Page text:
G-20 summit reveals: India has moved closer to the West. However, it will not completely give up on its long-term partner, Russia.
Last week, the world’s powerful met at the G-20 summit in Bali, and at the end of this summit, Indian Prime Minister Narendra Modi was able to take over symbolically: the presidents opened and closed the conference with a hammer. blow. India will chair the G-20 next year.
What happened in the hours leading up to it is remarkable: The summit finally released a statement in which “the majority of the participants” condemned the Russian war in Ukraine and called on Russia to withdraw unconditionally.
It was a surprisingly harsh formulation that was also agreed upon by two of Russia’s allies, Chinese President Xi Jinping and Indian Prime Minister Modi. India has thus distanced itself from Moscow on the issue of Ukraine.
India and Russia have been allies for a long time.
In the months after the Russian invasion, the Modi government initially behaved opportunistically: India did not condemn the Russian invasion and only issued vague statements calling for peace. Relations between Russia and India have grown historically.
States are long-standing allies on the international stage. With its veto in the Security Council, Russia prevented the international community from interfering in South Asia, for example, when India invaded East Pakistan in 1971. India, for its part, defended the Soviet invasion of Afghanistan in 1979, but also the Russian invasion of Crimea in 2014.
Russia and India are also linked militarily and economically, because a large part of the Indian arms arsenal is of Russian design; according to estimates, it is 70 to 85 percent. After invading the Ukraine, India also bought cheap Russian oil.
The differences between India and Russia on the Ukraine issue did not first come to light at the G-20 summit. For months, Western diplomats in Delhi have been trying to influence India and get a clear government commitment to the Ukraine war. India is working more and more closely with the West on security. It is part of the Quad with Japan, Australia and the US, a security dialogue launched in response to Chinese ambitions in the region.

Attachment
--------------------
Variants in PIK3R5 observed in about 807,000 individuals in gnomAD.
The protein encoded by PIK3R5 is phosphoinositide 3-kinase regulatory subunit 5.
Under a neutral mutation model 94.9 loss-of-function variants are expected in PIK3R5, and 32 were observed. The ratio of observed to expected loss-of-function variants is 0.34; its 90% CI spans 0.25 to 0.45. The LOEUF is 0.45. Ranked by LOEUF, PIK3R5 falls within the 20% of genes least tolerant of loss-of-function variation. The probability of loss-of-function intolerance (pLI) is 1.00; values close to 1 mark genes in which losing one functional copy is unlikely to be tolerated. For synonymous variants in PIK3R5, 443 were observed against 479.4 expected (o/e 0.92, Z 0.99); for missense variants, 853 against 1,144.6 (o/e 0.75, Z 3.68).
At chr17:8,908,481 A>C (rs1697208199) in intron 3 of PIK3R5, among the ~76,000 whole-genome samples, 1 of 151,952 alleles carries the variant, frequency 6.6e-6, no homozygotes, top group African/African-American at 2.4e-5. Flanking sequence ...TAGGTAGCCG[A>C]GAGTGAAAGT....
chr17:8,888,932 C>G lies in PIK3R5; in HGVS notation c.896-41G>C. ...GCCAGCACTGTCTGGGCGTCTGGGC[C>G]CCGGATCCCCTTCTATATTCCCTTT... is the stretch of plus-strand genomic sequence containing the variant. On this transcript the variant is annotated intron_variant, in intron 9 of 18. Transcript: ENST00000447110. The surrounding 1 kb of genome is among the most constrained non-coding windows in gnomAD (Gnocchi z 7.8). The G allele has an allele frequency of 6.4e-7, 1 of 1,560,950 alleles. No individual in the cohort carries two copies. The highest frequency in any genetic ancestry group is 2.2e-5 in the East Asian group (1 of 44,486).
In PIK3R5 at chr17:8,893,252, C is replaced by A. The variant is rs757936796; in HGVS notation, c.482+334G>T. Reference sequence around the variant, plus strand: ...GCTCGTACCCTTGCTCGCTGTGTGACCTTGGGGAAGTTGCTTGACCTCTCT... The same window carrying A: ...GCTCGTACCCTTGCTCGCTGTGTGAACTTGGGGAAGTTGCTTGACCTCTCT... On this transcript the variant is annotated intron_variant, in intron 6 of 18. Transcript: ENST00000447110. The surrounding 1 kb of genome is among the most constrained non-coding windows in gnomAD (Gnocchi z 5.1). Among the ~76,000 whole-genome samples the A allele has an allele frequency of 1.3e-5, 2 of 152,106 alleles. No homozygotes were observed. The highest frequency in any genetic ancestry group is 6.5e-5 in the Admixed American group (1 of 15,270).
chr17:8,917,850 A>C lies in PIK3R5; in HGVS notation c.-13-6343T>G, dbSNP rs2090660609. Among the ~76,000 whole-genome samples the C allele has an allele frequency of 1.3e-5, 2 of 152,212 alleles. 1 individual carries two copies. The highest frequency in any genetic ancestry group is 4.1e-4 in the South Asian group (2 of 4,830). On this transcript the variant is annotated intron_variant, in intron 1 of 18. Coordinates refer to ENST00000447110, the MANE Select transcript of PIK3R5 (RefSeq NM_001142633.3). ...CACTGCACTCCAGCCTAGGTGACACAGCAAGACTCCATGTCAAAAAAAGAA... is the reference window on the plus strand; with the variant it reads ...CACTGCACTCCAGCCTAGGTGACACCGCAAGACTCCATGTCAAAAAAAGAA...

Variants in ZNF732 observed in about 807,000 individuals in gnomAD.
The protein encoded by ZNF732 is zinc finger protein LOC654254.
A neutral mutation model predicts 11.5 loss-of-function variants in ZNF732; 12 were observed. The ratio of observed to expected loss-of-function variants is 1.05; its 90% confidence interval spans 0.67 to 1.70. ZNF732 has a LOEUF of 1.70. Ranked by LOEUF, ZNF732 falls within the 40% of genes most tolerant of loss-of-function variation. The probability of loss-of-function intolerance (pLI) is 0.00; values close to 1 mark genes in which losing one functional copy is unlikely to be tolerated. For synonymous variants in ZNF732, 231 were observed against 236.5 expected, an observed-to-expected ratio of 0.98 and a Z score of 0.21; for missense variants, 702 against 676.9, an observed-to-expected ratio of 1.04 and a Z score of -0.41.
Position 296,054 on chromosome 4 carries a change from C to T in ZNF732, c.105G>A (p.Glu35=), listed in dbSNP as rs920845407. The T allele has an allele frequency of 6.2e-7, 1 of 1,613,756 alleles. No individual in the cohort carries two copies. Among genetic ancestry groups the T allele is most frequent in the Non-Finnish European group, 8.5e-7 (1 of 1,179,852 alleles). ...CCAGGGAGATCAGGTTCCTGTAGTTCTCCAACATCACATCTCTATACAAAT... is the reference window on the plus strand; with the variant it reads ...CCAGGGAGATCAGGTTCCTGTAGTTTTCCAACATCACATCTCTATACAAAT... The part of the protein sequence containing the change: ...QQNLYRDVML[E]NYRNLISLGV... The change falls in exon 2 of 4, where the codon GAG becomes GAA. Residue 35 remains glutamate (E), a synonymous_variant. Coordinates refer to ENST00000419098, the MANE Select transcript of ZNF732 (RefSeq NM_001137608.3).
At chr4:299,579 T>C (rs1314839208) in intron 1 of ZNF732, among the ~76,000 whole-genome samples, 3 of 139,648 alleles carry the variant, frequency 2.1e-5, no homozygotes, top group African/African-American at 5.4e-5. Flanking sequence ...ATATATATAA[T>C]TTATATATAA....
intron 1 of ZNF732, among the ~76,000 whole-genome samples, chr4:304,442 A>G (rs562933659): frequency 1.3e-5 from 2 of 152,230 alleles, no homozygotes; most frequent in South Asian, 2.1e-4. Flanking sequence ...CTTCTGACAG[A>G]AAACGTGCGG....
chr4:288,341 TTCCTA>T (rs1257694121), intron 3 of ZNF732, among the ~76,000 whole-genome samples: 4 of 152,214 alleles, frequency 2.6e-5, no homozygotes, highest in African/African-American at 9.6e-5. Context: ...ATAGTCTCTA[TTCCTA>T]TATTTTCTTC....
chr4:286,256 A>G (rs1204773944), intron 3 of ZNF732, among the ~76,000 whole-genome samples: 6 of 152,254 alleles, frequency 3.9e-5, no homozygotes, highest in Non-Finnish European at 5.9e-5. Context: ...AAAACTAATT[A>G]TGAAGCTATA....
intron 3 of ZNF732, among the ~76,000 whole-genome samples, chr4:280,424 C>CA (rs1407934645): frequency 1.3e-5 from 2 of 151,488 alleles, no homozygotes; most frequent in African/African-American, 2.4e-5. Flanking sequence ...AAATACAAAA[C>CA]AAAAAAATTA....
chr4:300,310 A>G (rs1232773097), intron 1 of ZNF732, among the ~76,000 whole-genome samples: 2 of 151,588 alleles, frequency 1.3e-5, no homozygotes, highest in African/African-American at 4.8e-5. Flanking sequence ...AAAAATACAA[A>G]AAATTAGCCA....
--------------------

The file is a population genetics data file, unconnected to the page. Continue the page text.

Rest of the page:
In September, Modi opposed Vladimir Putin for the first time on the Ukraine issue. The two met at a summit in Uzbekistan for personal talks, the exchange taking place in front of cameras. Modi seized the moment to tell Putin that it was not time for war: “I know that our era is not the era of war, I told you on the phone.”
Putin must have been surprised by the ally’s public rebuke, or at least not pleased. He pursed his lips before replying that he was aware of Modi’s concerns and that he was doing everything possible to end the conflict as soon as possible.
Concern over the cost of the war in Ukraine
“This is not the age of war”: almost the same words can be found in the G-20 statement against Russian aggression. The Indian media take this as an indication that Modi had a strong influence on the statement. It is not clear if the wording was what India wanted. However, it allows Modi to once again present himself to the Indian public as a strong man, one who is listened to by world leaders.
Harsh V. Pant, a foreign policy expert with the Indian think tank ORF, said on his podcast after the Putin-Modi meeting in September that he did not believe India had fundamentally changed its position towards Russia, “but India is concerned about the costs of this war”. The emerging country of India relies on a stable international environment for economic advancement, which was affected first by Covid and then by the Ukraine war.
It is not the case that India would alienate Russia, its long-term partner. Indian and Russian diplomats met in Delhi shortly after the G-20 summit. In December, India will assume the presidency of the UN Security Council for a month. Russian and Indian diplomats decided to increase their cooperation in the Security Council.